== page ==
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Wolves of Westminster

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The crusade against MP “abuse” is censorship under the guise of benevolence – Luke George

3 min read
8 November 2019 | OPINION

I remember listening to a video of Professor Jordan Peterson, who said that whatever happens on University campuses usually translates into wider society a few years later. In recent years, we have seen a new wave of political correctness and censorship on University campuses; safe spaces, trigger warnings and even no-platforming are all too common on the modern-day campus. Words and modes of address that aren’t even remotely offensive are now banned, as they are suddenly seen as a major transgression. A good example of this lunacy is the shenanigans surrounding gender-neutral pronouns. Unfortunately, I do think Professor Jordan Peterson is right about Universities being microcosms of what is to come in wider society, and I do think we are seeing this play out.

In recent days a number of MPs have said they are standing down because of the abuse they have received. I would like to say that I in absolutely no way support MPs or anyone receiving any kind of verbal abuse. I think constituents who incite violence against elected representatives should face legal prosecution. Having said that, in some jobs receiving abuse is just the reality of the job. For example, I worked in sales and marketing, receiving all kinds of abuse from people; if I had complained about it, I would have been shown the door. The truth is, MPs will get stick and if you can’t take it, then you probably shouldn’t be an MP. However, in the era of political correctness and hypersensitivity, “abuse” is a very elastic concept and I can’t help thinking that the crusade against abuse is actually censorship under the guise of benevolence.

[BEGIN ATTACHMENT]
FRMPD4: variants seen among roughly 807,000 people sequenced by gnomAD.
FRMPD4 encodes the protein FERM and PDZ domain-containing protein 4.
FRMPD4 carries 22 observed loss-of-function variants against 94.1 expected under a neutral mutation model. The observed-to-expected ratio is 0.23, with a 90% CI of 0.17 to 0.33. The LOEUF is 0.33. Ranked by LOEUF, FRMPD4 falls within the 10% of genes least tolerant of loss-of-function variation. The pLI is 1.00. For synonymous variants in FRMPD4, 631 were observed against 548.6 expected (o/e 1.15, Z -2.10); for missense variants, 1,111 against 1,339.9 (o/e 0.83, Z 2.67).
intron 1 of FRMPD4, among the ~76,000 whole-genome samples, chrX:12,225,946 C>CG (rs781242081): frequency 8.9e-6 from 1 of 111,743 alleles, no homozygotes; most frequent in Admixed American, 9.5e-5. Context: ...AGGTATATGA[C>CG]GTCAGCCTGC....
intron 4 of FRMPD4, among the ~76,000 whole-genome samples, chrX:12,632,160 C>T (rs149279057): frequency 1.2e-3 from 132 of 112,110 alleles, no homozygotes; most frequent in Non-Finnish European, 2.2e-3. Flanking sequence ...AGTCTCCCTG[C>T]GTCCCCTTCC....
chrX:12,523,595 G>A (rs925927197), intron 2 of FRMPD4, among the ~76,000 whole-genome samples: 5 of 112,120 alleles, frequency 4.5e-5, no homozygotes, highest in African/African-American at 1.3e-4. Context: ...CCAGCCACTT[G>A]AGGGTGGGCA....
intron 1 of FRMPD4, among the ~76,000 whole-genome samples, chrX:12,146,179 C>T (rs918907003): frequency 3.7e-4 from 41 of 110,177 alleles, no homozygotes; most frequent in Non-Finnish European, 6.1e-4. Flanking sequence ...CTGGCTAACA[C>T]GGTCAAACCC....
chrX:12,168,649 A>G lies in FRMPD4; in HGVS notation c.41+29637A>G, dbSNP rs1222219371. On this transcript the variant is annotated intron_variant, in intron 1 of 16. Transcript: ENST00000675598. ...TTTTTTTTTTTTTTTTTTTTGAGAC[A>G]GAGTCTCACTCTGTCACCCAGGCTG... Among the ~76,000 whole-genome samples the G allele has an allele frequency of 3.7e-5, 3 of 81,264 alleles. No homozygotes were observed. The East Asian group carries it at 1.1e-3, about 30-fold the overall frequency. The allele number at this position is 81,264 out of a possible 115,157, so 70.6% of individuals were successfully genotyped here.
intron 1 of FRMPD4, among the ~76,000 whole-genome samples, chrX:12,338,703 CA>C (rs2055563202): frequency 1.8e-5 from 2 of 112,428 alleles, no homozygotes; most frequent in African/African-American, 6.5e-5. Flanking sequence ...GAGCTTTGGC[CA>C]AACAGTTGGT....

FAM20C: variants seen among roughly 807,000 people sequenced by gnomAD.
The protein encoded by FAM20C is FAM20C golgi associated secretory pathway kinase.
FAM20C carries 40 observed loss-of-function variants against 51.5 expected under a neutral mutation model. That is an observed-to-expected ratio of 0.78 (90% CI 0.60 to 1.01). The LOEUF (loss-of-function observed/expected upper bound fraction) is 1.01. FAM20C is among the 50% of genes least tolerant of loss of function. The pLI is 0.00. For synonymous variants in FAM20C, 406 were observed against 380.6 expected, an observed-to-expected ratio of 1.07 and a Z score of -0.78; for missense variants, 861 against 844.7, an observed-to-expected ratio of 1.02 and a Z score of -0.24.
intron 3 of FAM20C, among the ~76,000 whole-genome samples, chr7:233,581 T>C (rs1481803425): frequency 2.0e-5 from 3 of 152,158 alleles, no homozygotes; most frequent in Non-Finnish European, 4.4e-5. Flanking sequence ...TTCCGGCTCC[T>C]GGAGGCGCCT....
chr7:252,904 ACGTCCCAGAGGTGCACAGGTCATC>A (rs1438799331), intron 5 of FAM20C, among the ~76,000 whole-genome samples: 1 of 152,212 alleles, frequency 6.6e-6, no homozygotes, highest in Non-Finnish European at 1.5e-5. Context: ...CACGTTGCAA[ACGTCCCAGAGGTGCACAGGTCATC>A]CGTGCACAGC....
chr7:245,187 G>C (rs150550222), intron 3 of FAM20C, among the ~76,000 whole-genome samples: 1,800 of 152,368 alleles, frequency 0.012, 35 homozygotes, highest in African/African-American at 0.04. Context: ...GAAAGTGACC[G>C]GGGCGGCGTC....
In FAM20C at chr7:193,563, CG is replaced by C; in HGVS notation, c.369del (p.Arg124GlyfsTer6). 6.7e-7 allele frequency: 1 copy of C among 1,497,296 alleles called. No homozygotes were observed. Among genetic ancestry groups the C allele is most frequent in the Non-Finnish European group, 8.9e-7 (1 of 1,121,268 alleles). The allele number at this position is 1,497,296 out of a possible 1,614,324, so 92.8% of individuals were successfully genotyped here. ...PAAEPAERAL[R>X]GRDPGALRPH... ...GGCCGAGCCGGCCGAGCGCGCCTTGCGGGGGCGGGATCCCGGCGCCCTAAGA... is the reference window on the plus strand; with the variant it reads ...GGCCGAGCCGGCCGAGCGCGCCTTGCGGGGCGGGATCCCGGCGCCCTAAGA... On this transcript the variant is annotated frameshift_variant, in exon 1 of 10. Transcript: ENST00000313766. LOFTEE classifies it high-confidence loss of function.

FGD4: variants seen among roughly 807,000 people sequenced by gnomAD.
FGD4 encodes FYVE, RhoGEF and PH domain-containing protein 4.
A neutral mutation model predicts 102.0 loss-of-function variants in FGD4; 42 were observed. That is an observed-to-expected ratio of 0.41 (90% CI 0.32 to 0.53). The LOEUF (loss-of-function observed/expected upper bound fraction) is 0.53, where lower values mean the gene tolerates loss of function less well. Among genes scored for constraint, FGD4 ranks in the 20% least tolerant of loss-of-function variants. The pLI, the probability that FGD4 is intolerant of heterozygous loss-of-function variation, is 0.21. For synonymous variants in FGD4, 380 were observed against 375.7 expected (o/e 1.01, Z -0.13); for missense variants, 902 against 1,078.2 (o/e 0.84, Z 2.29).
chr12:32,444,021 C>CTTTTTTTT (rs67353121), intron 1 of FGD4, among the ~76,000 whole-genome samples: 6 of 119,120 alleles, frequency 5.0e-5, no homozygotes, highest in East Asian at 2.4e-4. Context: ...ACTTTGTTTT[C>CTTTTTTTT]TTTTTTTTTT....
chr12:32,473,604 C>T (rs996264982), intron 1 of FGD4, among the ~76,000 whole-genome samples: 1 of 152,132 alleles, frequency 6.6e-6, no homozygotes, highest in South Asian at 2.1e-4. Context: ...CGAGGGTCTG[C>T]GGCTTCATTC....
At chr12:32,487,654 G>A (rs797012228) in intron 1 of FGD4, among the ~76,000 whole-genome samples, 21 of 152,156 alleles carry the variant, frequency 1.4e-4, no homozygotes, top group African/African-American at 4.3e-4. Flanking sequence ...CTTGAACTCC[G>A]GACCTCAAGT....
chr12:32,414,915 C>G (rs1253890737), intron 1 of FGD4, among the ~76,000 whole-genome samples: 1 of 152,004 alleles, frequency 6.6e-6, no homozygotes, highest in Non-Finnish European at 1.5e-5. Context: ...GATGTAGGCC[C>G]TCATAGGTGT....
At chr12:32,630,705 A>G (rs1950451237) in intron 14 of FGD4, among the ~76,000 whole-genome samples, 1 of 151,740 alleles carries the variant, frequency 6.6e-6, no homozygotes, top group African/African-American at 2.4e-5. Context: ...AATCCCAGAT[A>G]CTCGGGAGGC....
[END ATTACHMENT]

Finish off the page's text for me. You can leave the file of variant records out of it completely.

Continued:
For example, Labour MP Paula Sheriff accused Boris Johnsons of using so-called inflammatory language in Parliament. The words Paula Sheriff took issue with were “surrender”, “humbug” and “Turkey”. Former Labour leader Ed Miliband also used this as an opportunity to virtue-signal on Twitter about how awful Boris Johnson’s language was in Parliament. I’m sorry, but if you’re getting offended over words such as “surrender”, “humbug” and “Turkey” then I’m afraid the problem is with Paula Sheriff and Ed Miliband, not Boris Johnson.

This crusade against so-called “abuse” is actually narcissism, engaging in nothing more than phoney outrage to make themselves look like a virtuous hero on social media. However, in the name of virtue-signalling on Twitter about how they are so against abusive and inflammatory language, what MPs are actually doing is absolving themselves of criticism. If the opposition cannot say words like “surrender”, then we might as well wrap duct tape around our mouths. With modern-day PC culture, I can very easily foresee a future in which journalists cannot ask MPs difficult questions, and members of the public cannot criticise their MPs, without being accused of abuse and prosecuted for hate-speech. I can easily foresee a future in which MPs brag about the UK being an open and tolerant nation while also arresting people who criticise them, under the guise they were being intolerant.

MPs who have complained about abuse often refer to the tragic murder of Jo Cox, claiming the language used in Parliament will inevitably lead to another Jo Cox-style murder happening. While a noble intention, it is based on entirely faulty logic. For example, nobody would argue that we should ban people from crossing the road because somebody might get knocked down; what MPs are doing is taking something to its extreme conclusion. This plays into a more dangerous trend in the era of political correctness, which is equating speech with violence. Speech is not violence – speech is an alternative to violence.

I personally want to live in a country where the population are free to criticise the government and their elected representatives. I want to live in a country where the press can scrutinise politicians without being told to watch their language. I want to live in a country where rigorous debates take place. Politicians would be wise to remember that they serve the people, not the other way around. After all, censorship under the guise of benevolence is still censorship.

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